Tuesday, December 9, 2014

The individual nature of “startle”

I finished Tillinghast’s Damaged Grandeur, Robert Lowell’s Life and Work.  My previous impression of Lowell was based on my reading of Lord Weary’s Castle, half of Life Studies, and Ian Hamilton’s Robert Lowell, a biography.  Tillinghast would say that my impression of Lowell was typical.  Lowell’s reputation dwindled.  Tillinghast read Paul Mariani’s Lost Puritan, a Life of Robert Lowell, 1994.  His own book was published a year.  He thinks Mariani’s biography provides a much fairer representation of Lowell.   

I opened Mariani’s book this morning and read, “In the fall of 1963 while I was at Colgate, studying for my English Master’s, one of my professors suggested I might want to look at something written after Emerson, Coleridge, and Hopkins.  Since I was a practicing Catholic, and so rather an anomaly on campus, he thought I might read the poems of Robert Lowell, especially something called ‘Quaker Graveyard in Nantucket.’  I can still remember standing in the stacks of the library one dreary rainy afternoon soon afterwards and, as I read that poem, felling as if the top of my head were coming off.”

In 1962 I was working in Santa Monica on the Skybolt Program which was cancelled by Robert McNamara.  I transferred to Long Beach to work on the DC-8 and there met Lee Griffith, one of several who wasn’t going to persevere, get a PhD in English and teach literature some place.  He had an MA from Duke and had a powerful interest in poetry – more in the study of it however whereas mine was in the writing.  He introduced me to Lowell’s Lord Weary’s Castle; so I might have read “Quaker Graveyard in Nantucket” about the same time that Mariani did.  I don’t recall that the top of my head felt as though it was coming off, but I was impressed.  Lowell won the Pulitzer Prize for Lord Weary’s Castle and I thought it well earned.  It wasn’t that volume but what followed that caused my opinion of Lowell to plummet.  Mariani’s opinion apparently never plummeted; so I’ll be interested in learning how he managed to keep it up.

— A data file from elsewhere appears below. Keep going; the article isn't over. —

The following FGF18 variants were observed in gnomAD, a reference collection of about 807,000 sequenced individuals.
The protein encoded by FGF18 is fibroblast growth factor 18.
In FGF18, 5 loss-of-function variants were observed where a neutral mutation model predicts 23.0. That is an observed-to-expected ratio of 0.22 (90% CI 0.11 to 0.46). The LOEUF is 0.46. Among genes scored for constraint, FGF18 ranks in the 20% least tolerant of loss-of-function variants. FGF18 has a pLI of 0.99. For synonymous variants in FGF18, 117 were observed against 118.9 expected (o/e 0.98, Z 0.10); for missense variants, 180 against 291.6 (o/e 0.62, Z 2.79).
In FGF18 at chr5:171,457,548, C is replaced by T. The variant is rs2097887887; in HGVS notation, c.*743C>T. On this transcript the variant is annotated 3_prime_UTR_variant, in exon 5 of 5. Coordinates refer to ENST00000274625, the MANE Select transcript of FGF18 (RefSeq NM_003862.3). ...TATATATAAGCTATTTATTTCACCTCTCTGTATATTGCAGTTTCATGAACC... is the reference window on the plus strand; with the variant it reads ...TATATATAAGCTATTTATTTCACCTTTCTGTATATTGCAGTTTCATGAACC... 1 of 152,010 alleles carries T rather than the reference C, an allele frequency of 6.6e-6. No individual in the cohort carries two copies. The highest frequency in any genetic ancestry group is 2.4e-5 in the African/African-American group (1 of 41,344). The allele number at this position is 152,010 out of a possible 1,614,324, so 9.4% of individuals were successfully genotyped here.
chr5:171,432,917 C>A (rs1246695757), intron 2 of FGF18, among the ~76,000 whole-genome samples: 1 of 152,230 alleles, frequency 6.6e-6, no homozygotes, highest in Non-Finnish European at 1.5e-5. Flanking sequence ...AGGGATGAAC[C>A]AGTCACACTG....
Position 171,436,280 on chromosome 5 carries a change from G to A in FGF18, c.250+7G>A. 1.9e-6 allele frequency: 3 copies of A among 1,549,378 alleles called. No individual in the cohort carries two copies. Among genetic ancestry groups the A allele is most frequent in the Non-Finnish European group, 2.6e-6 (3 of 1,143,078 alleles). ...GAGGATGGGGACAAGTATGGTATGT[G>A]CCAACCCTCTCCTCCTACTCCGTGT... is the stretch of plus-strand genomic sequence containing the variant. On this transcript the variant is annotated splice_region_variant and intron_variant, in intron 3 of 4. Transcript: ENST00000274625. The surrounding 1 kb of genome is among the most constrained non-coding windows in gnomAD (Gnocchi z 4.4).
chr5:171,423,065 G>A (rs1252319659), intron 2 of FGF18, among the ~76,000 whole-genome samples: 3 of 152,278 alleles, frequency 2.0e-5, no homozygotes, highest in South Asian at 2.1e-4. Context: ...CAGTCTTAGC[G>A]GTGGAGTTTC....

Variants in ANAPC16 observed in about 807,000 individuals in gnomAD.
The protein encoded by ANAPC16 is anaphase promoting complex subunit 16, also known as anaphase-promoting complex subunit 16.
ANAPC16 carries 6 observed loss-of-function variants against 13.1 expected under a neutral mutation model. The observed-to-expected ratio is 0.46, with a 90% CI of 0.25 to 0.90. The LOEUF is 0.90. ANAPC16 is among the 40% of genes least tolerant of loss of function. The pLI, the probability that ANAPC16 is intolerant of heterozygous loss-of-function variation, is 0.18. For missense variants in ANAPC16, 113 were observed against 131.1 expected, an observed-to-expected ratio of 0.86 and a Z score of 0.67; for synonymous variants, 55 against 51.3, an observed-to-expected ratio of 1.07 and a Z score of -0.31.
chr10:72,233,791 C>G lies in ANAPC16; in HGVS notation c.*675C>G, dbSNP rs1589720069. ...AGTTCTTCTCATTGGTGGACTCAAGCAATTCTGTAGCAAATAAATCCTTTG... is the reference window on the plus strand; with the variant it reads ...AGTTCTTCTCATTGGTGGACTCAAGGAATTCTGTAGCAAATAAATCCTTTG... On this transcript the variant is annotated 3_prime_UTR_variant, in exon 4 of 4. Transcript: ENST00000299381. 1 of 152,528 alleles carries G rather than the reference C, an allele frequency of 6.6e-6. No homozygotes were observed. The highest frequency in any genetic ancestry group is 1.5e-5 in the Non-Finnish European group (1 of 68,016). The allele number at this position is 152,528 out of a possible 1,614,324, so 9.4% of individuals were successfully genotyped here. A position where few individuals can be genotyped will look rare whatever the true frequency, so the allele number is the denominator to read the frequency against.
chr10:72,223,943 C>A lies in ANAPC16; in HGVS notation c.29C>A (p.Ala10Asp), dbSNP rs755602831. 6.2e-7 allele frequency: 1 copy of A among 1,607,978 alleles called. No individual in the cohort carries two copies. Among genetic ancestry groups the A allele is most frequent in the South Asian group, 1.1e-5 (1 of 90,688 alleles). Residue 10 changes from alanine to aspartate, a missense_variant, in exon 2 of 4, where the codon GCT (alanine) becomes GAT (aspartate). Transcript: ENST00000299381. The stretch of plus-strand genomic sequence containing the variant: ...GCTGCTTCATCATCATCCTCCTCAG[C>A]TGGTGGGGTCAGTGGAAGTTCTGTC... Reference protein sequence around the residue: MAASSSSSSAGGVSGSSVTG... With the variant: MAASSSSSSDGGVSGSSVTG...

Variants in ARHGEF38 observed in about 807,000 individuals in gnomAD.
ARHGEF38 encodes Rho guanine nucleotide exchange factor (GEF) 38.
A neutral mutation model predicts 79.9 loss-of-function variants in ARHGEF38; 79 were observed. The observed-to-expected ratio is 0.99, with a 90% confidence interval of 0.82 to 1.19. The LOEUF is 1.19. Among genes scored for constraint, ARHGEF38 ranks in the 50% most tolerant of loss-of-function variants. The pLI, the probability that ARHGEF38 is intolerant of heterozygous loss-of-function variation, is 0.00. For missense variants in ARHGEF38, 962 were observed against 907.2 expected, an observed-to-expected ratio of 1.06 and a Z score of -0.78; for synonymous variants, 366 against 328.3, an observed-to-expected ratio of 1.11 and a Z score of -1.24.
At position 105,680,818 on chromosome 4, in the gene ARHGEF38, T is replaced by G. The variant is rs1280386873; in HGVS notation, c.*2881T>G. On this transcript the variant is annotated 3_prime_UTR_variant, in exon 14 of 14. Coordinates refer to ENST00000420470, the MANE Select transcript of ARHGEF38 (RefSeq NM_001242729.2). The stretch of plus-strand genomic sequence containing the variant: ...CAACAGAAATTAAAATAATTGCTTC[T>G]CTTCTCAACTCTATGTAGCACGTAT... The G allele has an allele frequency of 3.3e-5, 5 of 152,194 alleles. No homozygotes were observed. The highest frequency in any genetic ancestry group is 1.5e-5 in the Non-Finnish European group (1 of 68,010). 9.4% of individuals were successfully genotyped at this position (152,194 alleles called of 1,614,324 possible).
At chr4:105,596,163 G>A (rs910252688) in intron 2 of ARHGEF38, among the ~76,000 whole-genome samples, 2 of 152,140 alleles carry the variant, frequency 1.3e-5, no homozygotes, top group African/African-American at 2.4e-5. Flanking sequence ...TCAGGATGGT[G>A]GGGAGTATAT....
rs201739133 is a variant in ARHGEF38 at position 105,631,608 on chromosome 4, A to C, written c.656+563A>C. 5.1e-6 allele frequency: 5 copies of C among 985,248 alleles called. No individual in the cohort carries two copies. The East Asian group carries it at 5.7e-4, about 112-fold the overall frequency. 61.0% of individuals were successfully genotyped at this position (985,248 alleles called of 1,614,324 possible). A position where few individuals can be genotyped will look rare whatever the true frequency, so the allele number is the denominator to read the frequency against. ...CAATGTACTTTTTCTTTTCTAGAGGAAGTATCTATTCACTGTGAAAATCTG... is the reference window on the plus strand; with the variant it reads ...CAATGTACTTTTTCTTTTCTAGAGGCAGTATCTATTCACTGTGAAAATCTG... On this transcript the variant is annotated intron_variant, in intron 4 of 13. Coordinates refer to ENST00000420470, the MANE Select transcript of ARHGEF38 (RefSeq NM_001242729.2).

I can’t be sure I wasn’t a bit “startled” when I first read “Quaker Graveyard” but doubt that it was to the extent of Mariani’s startlement; which causes me to observe that Mariani would almost assuredly not feel the top of his head come off each time he read this poem but also, others coming to it with different backgrounds might feel nothing more than a little prickling of the scalp.  Given that this is, or could be, true, if this was all there was, there could never be a Harold Bloom, never be a greater “criterion” against which to evaluate individual poems.  I paused over the word “criterion” because poetry must never be held to one, it seems to me.   I don’t think Bloom has created one although as Tillinghast wrote, he may at times be rather fonder of the relationship between poets than the poems themselves.  Still the “effect” of reading a given poem must somehow be the determiner as to whether the poem will be deemed great or not.  I don’t really object to that although I’ve noticed that, as often as not, I don’t agree with Bloom’s evaluations.  So perhaps my equivalent of “startle” (although I don’t like but can’t think of an acceptable replacement word) is what I use, and perhaps the evaluation of poetry will always be an individual thing.  And then perhaps only when enough prestigious critics individually evaluate and then pronounce a poem or a poet great will it and he be more widely considered so.

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